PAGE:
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Across Holy Ground : Cold reality of Egyptian desert trek reveals a world of history and spirituality

September 19, 1993|PATRICIA COHEN | Cohen covers the federal courts for New York Newsday. and

EILAT, Israel — The Jeeps dropped us off at a sandy patch in the valley called Abu Sila on Egypt's Sinai Peninsula, about three hours from Israel's Red Sea resort city of Eilat. Meaning "father of the flash flood," Abu Sila has little significance in early December, before the winter's rainy season has set in. Still, a chill edged its way through the sun-soaked Sinai as the Jeeps headed left and we headed right. Into the desert.

Sala, our Bedouin guide, walked in front, silently leading our group toward the nearby mountains. We threaded our way up the side of a rocky incline. Shifting to the left, then right, then back again, the path spiraled upward. A trail of bobbing heads marked our progress. First Sala's slightly rakish turban, then another guide's red-and-white-checked kaffiyeh , followed by a blue baseball cap, a hatless head of hair, a boating cap.

The climb to the top of the ridge took no more than 40 minutes, but at the top we got our first sense of how far we'd traveled since the morning's breakfast at the lodge. In the distance to the left lay the Sinai's highest peak, Mt. Katherina, rising 8,668 feet. Our eyes traveled downward to Wadi Racha, "valley of the rest." There, the doubting Israelites, alarmed by Moses' 40-day absence on Mt. Sinai, had melted their earrings to fashion the monstrous golden calf, their fear apparently amplified by the Sinai's vast expanse.

The Jeeps had long gone, so from our perch there was little evidence that wanderers in centuries past had seen a different vista.

Moses and the Israelites wandered in the Sinai Desert for 40 years before glimpsing the Promised Land. Our group of 10 travelers spent four days trekking across the Sinai, a journey bookended by day trips from a lodge at Mt. Musa, or Moses Mountain, which legend maintains is Mt. Sinai, the spot where God inscribed the Ten Commandments with his finger on two tablets.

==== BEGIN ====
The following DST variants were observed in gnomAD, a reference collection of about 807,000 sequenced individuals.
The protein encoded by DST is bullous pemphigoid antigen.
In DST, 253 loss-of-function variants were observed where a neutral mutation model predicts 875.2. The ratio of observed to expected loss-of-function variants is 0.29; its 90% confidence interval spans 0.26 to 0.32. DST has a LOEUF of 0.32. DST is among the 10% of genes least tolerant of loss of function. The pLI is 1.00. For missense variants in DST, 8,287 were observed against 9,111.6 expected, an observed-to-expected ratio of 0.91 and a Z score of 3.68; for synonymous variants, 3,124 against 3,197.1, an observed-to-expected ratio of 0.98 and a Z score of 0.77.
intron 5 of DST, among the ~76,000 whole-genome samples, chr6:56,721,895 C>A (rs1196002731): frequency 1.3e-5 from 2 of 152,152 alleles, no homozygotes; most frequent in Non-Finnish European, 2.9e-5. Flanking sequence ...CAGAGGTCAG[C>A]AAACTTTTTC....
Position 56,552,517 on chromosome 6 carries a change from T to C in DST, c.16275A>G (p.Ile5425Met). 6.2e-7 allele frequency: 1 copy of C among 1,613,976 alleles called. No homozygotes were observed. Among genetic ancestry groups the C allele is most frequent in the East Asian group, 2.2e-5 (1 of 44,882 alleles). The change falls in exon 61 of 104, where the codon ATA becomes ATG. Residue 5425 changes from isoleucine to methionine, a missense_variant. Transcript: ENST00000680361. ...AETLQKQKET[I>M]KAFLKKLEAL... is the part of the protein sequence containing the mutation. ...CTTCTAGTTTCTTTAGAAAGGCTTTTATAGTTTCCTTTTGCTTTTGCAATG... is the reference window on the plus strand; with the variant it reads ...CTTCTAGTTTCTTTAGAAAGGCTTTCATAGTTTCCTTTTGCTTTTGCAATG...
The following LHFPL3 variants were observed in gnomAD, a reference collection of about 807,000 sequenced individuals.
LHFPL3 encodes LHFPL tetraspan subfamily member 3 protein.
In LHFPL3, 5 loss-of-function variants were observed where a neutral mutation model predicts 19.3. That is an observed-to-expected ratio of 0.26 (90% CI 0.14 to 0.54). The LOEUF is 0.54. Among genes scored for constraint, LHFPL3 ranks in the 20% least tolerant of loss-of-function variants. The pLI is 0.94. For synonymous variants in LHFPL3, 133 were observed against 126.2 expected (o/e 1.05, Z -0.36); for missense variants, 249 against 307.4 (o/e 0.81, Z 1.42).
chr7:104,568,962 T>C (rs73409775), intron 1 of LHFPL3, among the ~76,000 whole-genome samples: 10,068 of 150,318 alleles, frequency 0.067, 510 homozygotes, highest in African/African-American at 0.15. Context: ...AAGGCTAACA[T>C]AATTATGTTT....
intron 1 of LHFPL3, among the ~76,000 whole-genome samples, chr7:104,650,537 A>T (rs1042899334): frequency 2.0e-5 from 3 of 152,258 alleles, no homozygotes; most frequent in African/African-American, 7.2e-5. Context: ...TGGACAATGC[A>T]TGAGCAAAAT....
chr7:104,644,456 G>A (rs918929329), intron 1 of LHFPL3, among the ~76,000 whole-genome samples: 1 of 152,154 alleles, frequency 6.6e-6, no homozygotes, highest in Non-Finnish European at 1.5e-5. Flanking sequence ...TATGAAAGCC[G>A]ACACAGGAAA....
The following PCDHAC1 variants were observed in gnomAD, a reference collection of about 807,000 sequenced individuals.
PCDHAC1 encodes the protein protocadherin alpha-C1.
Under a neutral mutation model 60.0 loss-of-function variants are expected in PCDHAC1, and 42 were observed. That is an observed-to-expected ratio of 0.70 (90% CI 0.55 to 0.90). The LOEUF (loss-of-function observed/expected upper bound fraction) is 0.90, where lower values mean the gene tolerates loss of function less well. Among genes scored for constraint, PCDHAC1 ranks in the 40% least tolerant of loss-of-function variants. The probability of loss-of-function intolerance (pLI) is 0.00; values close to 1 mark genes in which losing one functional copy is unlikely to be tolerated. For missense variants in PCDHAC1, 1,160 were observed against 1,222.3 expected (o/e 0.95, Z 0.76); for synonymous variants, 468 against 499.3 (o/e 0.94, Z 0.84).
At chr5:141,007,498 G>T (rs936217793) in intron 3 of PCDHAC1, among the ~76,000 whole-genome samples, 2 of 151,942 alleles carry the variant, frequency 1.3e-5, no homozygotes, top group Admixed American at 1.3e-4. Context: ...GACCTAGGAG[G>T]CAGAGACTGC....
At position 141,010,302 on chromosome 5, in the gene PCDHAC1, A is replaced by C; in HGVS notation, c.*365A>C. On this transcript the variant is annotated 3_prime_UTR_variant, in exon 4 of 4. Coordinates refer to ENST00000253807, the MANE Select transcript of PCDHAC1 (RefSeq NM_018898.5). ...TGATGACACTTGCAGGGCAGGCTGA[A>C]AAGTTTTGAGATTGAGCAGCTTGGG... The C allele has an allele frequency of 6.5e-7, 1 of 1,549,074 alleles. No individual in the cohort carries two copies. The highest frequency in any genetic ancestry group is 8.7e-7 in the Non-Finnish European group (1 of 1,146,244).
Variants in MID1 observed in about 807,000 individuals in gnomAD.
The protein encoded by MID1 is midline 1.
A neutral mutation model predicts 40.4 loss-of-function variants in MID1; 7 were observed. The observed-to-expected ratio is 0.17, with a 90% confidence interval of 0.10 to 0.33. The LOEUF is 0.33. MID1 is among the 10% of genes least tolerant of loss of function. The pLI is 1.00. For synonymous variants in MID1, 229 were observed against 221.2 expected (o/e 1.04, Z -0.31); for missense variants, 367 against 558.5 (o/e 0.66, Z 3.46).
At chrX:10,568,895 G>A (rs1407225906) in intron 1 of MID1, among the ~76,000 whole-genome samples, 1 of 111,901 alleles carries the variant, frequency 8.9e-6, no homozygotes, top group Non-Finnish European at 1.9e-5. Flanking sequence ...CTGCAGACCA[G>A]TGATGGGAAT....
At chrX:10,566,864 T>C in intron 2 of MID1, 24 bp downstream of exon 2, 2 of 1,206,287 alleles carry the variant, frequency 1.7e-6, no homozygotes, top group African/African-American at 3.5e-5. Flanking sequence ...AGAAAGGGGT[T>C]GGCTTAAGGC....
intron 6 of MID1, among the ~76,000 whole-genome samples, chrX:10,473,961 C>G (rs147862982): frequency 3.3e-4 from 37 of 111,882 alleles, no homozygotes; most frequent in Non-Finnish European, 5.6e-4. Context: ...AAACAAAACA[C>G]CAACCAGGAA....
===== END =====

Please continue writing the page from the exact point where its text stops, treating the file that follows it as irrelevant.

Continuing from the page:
Camels carried our bags and gear, rendezvousing with us each evening as we bedded down for the night under a skyful of stars.

Neot Hakikar, a tour company founded by Israeli settlers in 1961, started running trips to the Sinai in 1967, after Israel captured the triangle of terrain between the Gulf of Suez and the Red Sea's Gulf of Aqaba during the Six-Day War. When Egypt regained control of the territory in 1982 as a result of the peace treaty with Israel, Neot Hakikar began collaboration with Cairo International Tours to continue operating its Sinai treks.

Friends had warned me that I would be committing an unpardonable sin if I failed to visit the Sinai Desert on my first trip to the Holy Land. Travelers in search of history, spirituality, beauty or a return to nature can, of course, stay in Eilat and take day trips by Jeep into the Sinai. But to me, poetry and the past demanded a certain respect for form when wandering in the wilderness. So, with some allowances (such as Bergalene long underwear, a flashlight and a stash of chocolate), I began my desert journey--on foot.

If our first sweep over the landscape sparked infatuation, our Israeli guide, Yehudah, was already in the midst of a deep and abiding love affair. And he was eager to inspire us with his enthusiasm. As we briefly rested at the top, he grabbed a bag of lemon candies from his knapsack and handed one to everyone, "so you can taste the sweetness of the mountains."

And it was sweet. Conical mountains topped with stacks of flat rocks, like tilted chimneys. White blankets of stone, smooth enough to have been sanded and polished. Unexpected palm-fringed oases, where giggling Bedouin children and straggling goats trailed our steps. A jewelry box of stones--crystalline quartz in purple and pink--scattered across the landscape.

But harsh and forbidding, too. Sharp cuts of rock splattered across the desert floor. Rows of peaks arrayed like jagged shark's teeth biting into the sky. Barren and rusted plains, the color of dried blood. Choking swabs of clouds that could instantly turn winter skies pewter.

*

After the first morning's climb, our trekking leveled off as we followed a long and winding swath of gravely sand. The landscape, bleached gold and beige by the sun, was briefly interrupted by a trio of vivid orange and red specks. But the Bedouin women, who are generally forbidden contact with strangers, quickly swirled out their black capes once they saw us approach, and continued packing thin sticks of firewood on their mule.

By that point, most of us had stripped down to shorts and T-shirts as daytime temperatures rose into the 80s. But by evening, when we reached Bustan El Birka ("garden pool"), the Bedouin garden where we would camp for the night, the mercury had plummeted.

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